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Archives / 2009, CONSERVATION MAGAZINE / Leatherback turtles – Why are they dying on our coastline?

Leatherback turtles – Why are they dying on our coastline?

July 13th, 2012

By Rod Braby, Namibian Coast Conservation and Management (NACOMA)

The most abundant sea turtle in Nambian waters in recent times has been the leatherback, the largest sea turtle, which can weigh up to 700 kilograms. Its carapace can measure up to 180 centimetres, making it over two metres from head to tail. In the past three years, hundreds of adult leatherbacks have washed up dead on our coast. These mortalities are cause for concern and need urgent investigation.

Sea Turtles or Chelonians, as they are sometimes known, are reptiles closely related to land tortoises or fresh-water terrapins evolving from the swamps of the Cretaceous geological period some 200 million years ago. Sea turtles are represented by eight species in two families and are different from their cousins on land by not being able to retract their head or limbs. All sea turtles are dependent on land for reproduction and must brave the dangers as they haul themselves ashore to lay their eggs. Clumsy and almost helpless on land, the breeding females are easy to kill. Globally their numbers have been decimated and all species are now endangered. The leatherback is critically endangered.

Five species are known to occur on the Namibian coastline. They are the leatherback (Dermochelys coriacea), loggerhead (Caretta caretta), green (Chelonia mydas), hawksbill (Eretmochelys imbricata) and olive ridley (Lepidochelys olivacea) sea turtles. None have been recorded breeding on our coastline, as temperatures for successful breeding need to be well over 20 degrees Celsius, and the Benguela Current is generally considerably colder. One unsuccessful breeding attempt by an olive ridley was recorded in Swakopmund in 2008 when the sea surface temperature reached an all-time high of 26 degrees Celsius for a period of over three weeks.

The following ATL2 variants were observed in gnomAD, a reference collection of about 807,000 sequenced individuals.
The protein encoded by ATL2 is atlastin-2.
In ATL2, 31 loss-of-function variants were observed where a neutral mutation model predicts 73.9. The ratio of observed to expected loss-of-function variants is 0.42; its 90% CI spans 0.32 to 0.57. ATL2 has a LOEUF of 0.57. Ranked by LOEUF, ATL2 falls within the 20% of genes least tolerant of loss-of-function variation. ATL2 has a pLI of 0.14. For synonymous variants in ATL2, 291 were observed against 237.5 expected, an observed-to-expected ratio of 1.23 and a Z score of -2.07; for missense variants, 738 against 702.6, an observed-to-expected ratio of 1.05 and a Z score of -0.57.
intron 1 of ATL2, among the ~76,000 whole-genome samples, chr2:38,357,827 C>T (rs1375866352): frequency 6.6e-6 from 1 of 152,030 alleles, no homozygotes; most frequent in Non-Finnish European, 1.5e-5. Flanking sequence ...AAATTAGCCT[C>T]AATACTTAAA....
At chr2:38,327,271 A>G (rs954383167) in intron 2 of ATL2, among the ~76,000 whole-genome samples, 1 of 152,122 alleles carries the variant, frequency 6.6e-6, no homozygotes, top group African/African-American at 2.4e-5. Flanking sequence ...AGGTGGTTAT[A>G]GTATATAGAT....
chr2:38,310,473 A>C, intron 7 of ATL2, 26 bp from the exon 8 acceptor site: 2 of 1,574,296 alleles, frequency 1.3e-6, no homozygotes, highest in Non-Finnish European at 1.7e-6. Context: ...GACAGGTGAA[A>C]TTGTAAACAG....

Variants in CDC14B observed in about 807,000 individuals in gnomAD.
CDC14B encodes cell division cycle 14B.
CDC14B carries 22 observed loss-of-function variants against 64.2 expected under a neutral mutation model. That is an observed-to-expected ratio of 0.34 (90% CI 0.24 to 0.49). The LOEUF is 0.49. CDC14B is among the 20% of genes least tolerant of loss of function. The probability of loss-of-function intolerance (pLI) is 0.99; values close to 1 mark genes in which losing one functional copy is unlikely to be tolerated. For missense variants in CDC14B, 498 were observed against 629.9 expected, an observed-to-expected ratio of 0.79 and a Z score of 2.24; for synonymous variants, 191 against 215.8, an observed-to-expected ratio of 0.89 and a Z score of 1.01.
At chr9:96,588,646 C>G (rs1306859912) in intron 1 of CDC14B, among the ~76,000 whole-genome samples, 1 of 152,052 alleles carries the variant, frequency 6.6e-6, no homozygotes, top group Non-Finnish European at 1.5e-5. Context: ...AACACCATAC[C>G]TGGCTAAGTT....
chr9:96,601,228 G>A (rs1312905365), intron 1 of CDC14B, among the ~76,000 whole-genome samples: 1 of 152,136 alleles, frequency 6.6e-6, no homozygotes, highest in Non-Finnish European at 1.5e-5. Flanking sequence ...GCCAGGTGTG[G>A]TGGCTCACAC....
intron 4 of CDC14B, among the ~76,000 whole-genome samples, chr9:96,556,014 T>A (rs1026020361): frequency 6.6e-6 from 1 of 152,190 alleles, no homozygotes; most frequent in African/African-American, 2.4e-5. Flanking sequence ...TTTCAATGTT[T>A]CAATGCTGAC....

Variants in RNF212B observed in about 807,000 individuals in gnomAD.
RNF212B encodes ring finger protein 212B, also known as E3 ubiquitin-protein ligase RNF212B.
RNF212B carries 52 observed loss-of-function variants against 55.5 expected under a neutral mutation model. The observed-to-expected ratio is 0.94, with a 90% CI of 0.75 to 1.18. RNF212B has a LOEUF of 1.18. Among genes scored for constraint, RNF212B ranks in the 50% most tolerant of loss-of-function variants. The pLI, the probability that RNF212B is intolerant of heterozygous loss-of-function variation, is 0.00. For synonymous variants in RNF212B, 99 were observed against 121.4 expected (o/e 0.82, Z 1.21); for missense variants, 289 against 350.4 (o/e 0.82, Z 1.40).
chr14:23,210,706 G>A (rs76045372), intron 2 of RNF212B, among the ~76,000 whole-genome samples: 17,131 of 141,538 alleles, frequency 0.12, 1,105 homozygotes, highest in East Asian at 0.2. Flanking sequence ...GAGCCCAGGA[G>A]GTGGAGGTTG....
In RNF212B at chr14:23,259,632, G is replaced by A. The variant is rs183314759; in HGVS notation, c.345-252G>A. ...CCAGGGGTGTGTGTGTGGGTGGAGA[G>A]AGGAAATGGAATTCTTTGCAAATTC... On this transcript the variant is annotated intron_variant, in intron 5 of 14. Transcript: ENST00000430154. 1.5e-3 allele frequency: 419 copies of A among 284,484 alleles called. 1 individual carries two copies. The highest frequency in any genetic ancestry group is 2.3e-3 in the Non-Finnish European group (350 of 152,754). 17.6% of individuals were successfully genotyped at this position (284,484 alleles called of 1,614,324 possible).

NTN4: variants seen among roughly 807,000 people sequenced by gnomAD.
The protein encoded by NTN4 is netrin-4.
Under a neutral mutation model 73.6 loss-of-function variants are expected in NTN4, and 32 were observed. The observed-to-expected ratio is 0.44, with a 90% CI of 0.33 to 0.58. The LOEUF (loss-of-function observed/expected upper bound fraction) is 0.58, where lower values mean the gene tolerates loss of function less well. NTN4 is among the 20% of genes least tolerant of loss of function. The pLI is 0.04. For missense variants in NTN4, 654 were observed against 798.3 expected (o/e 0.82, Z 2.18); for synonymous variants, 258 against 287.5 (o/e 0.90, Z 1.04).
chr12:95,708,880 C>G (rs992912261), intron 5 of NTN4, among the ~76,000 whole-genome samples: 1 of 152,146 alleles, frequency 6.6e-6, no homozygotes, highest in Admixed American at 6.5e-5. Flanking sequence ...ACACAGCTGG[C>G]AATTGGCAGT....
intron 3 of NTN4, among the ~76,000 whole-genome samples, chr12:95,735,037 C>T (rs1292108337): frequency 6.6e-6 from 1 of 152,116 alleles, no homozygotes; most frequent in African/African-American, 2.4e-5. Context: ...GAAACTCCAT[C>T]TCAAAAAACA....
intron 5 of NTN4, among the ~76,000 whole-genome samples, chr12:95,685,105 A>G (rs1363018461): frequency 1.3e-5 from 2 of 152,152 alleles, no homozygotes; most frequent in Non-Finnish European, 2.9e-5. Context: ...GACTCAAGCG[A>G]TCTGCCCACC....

The Convention on the Conservation of Migratory Species of Wild Animals (also known as the Bonn Convention) is aimed at conserving migratory species throughout their range. It is one of a small number of intergovernmental treaties concerned on a global scale with the conservation of wild animals and the habitats on which they depend. More recently in Abidjan a memorandum of understanding concerning conservation measures for sea turtles of the Atlantic coast of Africa was signed by a re-presentative of the Ministry of Fisheries and Marine Resources on behalf of the Government of the Republic of Namibia together with 18 countries on the west African coast. These agreements bind Namibia to certain conservation actions to ensure safe passage of these endangered animals.

The main reason leatherbacks have become more abundant on our coast is the ascendancy of one of their most popular food sources – large jellyfish. Jellyfish have replaced fish as the most significant biomass of the Benguela since the collapse of the sardine and anchovy populations in Namibian waters mainly through overfishing prior to Namibian independence.

It is believed that Namibia, in particular the central coastal area, is becoming a global foraging hotspot for leatherbacks in the south Atlantic, much like Monterrey Bay in California is for leatherbacks in the northern Pacific. The leatherbacks on the Namibian coast come mainly from nurseries in Gabon and Brazil to forage in Namibian waters.  This information is derived from tag returns obtained from dead animals found stranded on the Namibian coast. Much effort is being made to protect the nesting grounds in Gabon and the Congo and also the east coast of South America. However, a lot more work needs to be done to first establish and then protect the development areas, foraging areas and migration routes.

The main reasons for death in Namibian waters appear to be accidental by-catch in fisheries including trawl, purse seine and long line; entanglement and subsequent drowning in lobster and mariculture structures; ship strikes; and predation by killer whales and sharks. As most of the Namibian coastline is not monitored, the authorities have only limited knowledge of the incidence and cause of sea-turtle mortality. Another issue that also impacts the leatherbacks negatively is the fact that the two bays with concentrations of jellyfish in Namibia, namely Lüderitz and Walvis Bay, are now rapidly expanding harbours, and have increasing risks of pollution and ship strikes.

Apart from establishing the cause of death and implementing mitigation measures, an active stranding and monitoring network needs to be formally established with proper support from Government, which could also be incorporated into the existing cetacean stranding network currently run by the Ministry of Fisheries and Marine Resources with the support of the Ministry of Environment and Tourism, Local Authorities and the private sector.

This article appeared in the 2009/10 edition of Conservation and the Environment in Namibia.

 

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